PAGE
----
Denise Gay lived two doors down from the shooting, wherein rumored gang member Leroy Webster, following an earlier dispute, fatally shot Esui Johnson, and then opened fire when ordered to stop by responding officers. (Two officers were shot, as was Webster, who is currently in serious condition.)
Ballistic reports now indicate that the bullet recovered from Gay didn't come from Webster's gun, but rather that the bullet, "from a 9-millimeter gun, had markings consistent with those made by seven manufacturers’ guns, including Glock," the Glock 19 being one of the NYPD's three options for standard-issue service weapons.
Asked by reporters if the bystander may have been killed by an NYPD officer, spokesman Paul J. Browne responded, rhetorically, "'Was it one of the officers’ Glocks? Possibly.'" He added, "Was it from the gun witnesses said Mr. Johnson had, but has not been recovered? Possibly." Two witnesses told the NYPD that Johnson had a gun, but no such weapon was recovered at the scene. (They won't be able to match the fatal slug to a specific weapon as it was "deformed.")
It is possible that Johnson did have a gun; that it was a Glock or another of the 9mm semiautomatics whose bullet markings are consistent with the slug; that he fired it; and that it hit the innocent bystander. (The Daily News, who seem to be on this story the hardest of the three dailies—witness this impassioned play-by-play of some of the unreleased security-camera footage—report that of "several witnesses... [n]one recalled seeing Johnson with a gun.")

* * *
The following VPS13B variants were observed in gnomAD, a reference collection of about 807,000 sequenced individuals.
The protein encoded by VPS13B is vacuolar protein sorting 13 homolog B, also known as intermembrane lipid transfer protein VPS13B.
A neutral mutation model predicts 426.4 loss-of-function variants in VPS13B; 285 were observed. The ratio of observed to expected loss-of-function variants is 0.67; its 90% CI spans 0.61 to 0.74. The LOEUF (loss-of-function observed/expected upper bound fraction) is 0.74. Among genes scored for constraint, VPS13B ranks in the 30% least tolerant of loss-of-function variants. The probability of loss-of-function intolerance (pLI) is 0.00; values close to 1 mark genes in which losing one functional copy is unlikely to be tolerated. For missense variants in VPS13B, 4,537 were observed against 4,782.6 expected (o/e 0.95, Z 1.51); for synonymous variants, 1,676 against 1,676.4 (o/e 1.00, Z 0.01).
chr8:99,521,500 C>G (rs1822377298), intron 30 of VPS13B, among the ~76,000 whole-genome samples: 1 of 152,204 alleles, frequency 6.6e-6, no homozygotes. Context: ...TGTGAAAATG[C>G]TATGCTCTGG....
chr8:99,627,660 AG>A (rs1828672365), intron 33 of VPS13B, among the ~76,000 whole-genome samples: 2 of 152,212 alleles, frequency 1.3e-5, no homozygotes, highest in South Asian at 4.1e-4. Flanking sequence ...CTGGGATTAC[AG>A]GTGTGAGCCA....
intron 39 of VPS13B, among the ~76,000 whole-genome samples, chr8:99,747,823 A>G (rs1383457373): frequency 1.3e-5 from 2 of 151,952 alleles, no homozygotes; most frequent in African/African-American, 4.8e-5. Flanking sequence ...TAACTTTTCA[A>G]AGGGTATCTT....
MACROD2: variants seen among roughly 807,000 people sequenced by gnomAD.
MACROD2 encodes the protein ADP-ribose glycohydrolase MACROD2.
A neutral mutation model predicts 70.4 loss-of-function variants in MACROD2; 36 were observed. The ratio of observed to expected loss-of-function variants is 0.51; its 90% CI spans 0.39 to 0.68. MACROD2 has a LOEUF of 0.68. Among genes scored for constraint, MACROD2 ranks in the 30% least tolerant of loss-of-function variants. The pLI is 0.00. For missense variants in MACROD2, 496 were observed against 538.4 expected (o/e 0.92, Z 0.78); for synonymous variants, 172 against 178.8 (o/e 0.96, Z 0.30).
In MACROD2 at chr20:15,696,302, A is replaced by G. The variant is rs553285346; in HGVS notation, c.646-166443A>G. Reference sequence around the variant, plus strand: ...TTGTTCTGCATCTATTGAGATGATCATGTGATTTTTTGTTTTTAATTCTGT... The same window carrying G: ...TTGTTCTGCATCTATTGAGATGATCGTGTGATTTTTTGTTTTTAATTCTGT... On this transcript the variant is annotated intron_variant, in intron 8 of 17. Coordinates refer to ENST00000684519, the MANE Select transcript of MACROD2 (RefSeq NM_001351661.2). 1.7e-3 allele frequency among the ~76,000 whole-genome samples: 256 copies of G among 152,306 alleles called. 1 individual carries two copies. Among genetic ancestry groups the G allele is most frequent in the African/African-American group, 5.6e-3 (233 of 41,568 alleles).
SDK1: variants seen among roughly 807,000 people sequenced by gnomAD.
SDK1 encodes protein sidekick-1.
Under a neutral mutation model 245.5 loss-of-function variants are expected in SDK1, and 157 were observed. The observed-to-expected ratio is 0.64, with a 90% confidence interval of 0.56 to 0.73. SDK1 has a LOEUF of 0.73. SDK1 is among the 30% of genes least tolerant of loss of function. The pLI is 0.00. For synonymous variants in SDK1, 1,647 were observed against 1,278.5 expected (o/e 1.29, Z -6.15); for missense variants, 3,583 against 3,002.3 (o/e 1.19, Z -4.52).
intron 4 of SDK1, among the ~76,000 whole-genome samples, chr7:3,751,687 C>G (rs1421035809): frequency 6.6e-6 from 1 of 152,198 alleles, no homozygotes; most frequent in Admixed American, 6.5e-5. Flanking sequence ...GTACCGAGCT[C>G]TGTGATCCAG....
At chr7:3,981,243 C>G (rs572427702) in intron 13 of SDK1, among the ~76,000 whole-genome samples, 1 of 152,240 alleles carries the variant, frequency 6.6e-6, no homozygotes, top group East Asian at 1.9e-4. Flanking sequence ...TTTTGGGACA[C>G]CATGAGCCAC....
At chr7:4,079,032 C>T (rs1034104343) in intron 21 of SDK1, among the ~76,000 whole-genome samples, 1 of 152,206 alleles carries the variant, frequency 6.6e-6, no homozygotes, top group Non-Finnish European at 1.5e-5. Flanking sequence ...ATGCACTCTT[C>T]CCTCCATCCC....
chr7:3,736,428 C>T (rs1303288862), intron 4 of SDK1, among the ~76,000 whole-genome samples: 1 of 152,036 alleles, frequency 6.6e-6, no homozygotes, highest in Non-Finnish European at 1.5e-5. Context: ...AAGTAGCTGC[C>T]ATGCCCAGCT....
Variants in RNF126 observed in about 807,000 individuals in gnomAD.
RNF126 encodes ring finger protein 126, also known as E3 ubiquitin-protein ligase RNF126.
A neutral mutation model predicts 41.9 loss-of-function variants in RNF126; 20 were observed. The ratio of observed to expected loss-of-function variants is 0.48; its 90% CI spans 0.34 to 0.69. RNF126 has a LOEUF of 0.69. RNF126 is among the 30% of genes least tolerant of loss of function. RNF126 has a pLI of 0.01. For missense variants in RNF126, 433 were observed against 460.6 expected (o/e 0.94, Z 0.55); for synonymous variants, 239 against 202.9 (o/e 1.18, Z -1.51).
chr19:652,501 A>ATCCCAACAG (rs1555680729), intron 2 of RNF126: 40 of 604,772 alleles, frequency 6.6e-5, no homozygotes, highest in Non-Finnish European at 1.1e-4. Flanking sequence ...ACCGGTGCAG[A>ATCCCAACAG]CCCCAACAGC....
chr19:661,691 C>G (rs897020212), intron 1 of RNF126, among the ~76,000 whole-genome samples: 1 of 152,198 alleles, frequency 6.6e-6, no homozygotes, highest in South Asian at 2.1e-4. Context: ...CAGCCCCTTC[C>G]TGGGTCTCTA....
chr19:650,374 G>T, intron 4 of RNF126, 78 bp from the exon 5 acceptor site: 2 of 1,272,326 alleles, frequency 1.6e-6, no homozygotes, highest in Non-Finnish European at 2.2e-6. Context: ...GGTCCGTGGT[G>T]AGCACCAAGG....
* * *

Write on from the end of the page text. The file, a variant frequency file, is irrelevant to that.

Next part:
"Eight officers returned fire," on Webster after he turned and shot at them, the Times recounts, "in two two distinct volleys — firing 73 bullets and striking Mr. Webster twice, in his chest and hip. Two of those officers used Glocks to fire 15 rounds, the police said."
Asked by the Post if she thought a police bullet killed her mother, Tashmaya Gay replied, "'Look at the door,'" which the Post calls "bullet-riddled," which makes sense given that the 71 other bullets had to land somewhere.
With the obvious caveat that none of this would have happened if a guy with a long criminal record hadn't killed a guy and then tried to shoot his way out of an arrest, here is a quote, from an old-ish William Saletan piece on "contagious shooting," from one of the defense attorneys for the NYPD officers who shot the unarmed Amadou Diallo 19 times (out of 41 shots fired):
[NYPD rules] require that the officers carry nine millimeter semi-automatic pistols with 16 shots in the magazine and the first trigger pull being a conventional trigger pull and all subsequent trigger pulls being a hair trigger pull."
This was, of course, meant to reassure a jury that the Diallo shooting was neither horrifying nor malicious: it's just that the guns "'were all capable of being emptied in less than four seconds.'" (The use of the term "hair trigger" came under some dispute in the gun forums, but not the four seconds.) And hey, semi-fun fact: During the Dinkins years, Ray Kelly actually opposed the transition to semiautomatic service weapons.
In any case, though the integrity of the officers involved in the shooting is not and should not be called into question, their firepower probably ought to be.